The Turkish government has criticized U.S. President Barack Obama for comments he made while commemorating the deaths of 1.5-million Armenians during World War I at the hands of the Turks of the Ottoman Empire.
Obama marked the annual Armenian Remembrance Day over the weekend, by describing the mass-killings one of the worst atrocities of the 20th century.”
However, Obama did not describe the killings as tantamount to genocide.
Nonetheless, Turkey’s Foreign Minister Ahmet Davuto?lu said: Obama's statement is one-sided and it reads history from a single perspective.
Davutoglu went on to say: It is saddening that each year this issue pops up and casts a shadow on our relations with the United States. Lots of pain was endured in the Ottoman territories during the break-up of the empire. We would have expected Mr. Obama to also remember the sufferings of Turks back in those days.
The Turkish-Armenian conflict remains a very delicate issue for the U.S. since Turkey is a rising power in the Middle East and a key strategic ally to the Americans.
The Turkish government has long denied that the mass murder of Armenians was due to state-sponsored plan of extermination.
Ankara also claims that the number of dead Armenians has been exaggerated, and that the deaths occurred during the chaos of a civil war.
Turkey maintains some 300,000 to 500,000 Armenians died during the period, and that just as many Turks died.
The killings of Armenians reportedly was triggered by the Turkish Sultan’s fears that the Armenian population (who were overwhelmingly Christian) would side with the Russians in the event of an invasion.
In his statement Obama also said: “I have consistently stated my own view of what occurred in 1915, and my view of that history has not changed. It is in all of our interest to see the achievement of a full, frank and just acknowledgment of the facts.”
He also added: “I salute the Turks who saved Armenians in 1915 and am encouraged by the dialogue among Turks and Armenians, and within Turkey itself, regarding this painful history. Together, the Turkish and Armenian people will be stronger as they acknowledge their common history and recognize their common humanity.”
The Turkish ambassador to Washington also criticized Obama.
We deeply regret that [Obama's] statement on 1915 events reflect an inaccurate, flawed and one-sided political characterization of history, said Namik Tan in a tweeter message, adding that the comments were unacceptable and unwarranted.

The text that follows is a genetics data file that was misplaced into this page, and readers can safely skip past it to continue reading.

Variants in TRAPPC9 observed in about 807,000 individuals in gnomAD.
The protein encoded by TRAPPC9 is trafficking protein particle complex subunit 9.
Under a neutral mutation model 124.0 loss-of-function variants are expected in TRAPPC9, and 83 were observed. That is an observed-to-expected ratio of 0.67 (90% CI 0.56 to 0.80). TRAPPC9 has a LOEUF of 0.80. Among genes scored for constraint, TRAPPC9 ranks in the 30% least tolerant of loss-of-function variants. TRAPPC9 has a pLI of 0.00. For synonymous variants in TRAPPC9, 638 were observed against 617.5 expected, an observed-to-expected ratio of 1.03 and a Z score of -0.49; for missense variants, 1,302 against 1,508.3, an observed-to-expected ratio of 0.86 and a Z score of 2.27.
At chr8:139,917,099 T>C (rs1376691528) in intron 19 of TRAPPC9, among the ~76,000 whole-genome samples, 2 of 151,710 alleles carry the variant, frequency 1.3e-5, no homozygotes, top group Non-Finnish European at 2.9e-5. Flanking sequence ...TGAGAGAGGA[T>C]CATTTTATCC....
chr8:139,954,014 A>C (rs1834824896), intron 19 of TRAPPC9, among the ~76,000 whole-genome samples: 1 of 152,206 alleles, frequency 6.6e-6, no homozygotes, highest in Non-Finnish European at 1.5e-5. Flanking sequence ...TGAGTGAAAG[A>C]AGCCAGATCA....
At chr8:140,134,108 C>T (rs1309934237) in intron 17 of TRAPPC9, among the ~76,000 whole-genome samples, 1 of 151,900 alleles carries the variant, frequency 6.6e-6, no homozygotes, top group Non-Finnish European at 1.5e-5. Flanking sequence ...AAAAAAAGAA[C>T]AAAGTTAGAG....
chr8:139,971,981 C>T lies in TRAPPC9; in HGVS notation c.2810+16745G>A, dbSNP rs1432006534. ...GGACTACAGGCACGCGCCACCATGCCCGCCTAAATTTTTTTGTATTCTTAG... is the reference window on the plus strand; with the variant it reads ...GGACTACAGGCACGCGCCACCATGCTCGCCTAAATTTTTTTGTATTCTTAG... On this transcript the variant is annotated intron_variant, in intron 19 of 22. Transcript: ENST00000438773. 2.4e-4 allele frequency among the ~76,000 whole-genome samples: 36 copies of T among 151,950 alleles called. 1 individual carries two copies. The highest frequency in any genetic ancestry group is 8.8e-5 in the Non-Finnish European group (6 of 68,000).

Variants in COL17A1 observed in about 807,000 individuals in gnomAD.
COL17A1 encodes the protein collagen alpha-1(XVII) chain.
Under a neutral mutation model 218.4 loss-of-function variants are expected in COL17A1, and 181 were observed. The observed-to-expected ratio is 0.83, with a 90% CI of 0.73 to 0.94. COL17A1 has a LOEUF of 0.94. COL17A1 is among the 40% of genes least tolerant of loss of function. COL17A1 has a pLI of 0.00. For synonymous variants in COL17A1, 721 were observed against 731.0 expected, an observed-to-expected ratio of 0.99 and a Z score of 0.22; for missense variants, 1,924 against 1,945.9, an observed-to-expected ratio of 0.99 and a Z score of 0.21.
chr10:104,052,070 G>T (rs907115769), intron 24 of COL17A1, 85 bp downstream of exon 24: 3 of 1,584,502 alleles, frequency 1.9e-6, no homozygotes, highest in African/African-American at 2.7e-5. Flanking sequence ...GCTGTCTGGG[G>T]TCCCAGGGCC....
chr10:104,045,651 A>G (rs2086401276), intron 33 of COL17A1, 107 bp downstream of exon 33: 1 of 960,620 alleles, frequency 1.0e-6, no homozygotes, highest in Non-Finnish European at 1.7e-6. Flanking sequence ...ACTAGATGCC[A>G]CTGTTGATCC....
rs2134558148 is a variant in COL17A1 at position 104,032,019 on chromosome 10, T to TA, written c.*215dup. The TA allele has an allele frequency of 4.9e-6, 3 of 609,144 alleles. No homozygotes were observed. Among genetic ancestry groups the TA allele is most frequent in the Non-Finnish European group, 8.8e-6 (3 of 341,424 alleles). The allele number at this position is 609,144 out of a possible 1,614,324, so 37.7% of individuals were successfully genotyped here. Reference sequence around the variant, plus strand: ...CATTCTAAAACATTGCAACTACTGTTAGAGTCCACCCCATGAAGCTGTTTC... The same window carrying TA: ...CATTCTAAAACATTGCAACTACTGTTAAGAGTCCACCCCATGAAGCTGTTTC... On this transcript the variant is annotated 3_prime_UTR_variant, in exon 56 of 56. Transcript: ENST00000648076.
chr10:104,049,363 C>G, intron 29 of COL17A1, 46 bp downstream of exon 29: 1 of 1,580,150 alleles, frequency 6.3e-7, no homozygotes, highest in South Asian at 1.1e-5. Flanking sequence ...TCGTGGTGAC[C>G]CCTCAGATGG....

The US should encourage normalization and dialogue and not hamper it with one-sided and politically motivated statements, Tan added.
Similarly, the Turkish foreign ministry accused Obama of distorting” the historical facts.
Therefore, we find it very problematic and deeply regret it... One-sided statements that interpret controversial historical events by a selective sense of justice prevent understanding of the truth, the ministry said.
Meanwhile, Armenians in the U.S. and elsewhere were also disappointed that Obama failed to describe the deaths of their ancestors as a “genocide.”
The president offered only euphemisms and evasive terminology to describe the murder of over 1.5 million men, women and children -- effectively keeping in place the gag rule imposed by the Turkish government on the open and honest discussion of this crime, said the Armenian Assembly of America in statement.
In Armenia itself, the president of the former Soviet republic, Serzh Sarkisian, said he wants to normalize relations with Turkey, but added: “the true scope and depth of the tragedy is known only to us, and every Armenian in any corner of the world feels devastating repercussions on his or her destiny in every sense. Armenia has been proving through its resolute steps that despite black pages of history, it strives for peace with the neighbors, including Turkey.
Historians (outside of Turkey) generally agree with the assertion that the deaths of Armenians in Turkey represented the first genocide of the 20th century, and likely inspired Adolph Hitler’s plan to exterminate European Jews.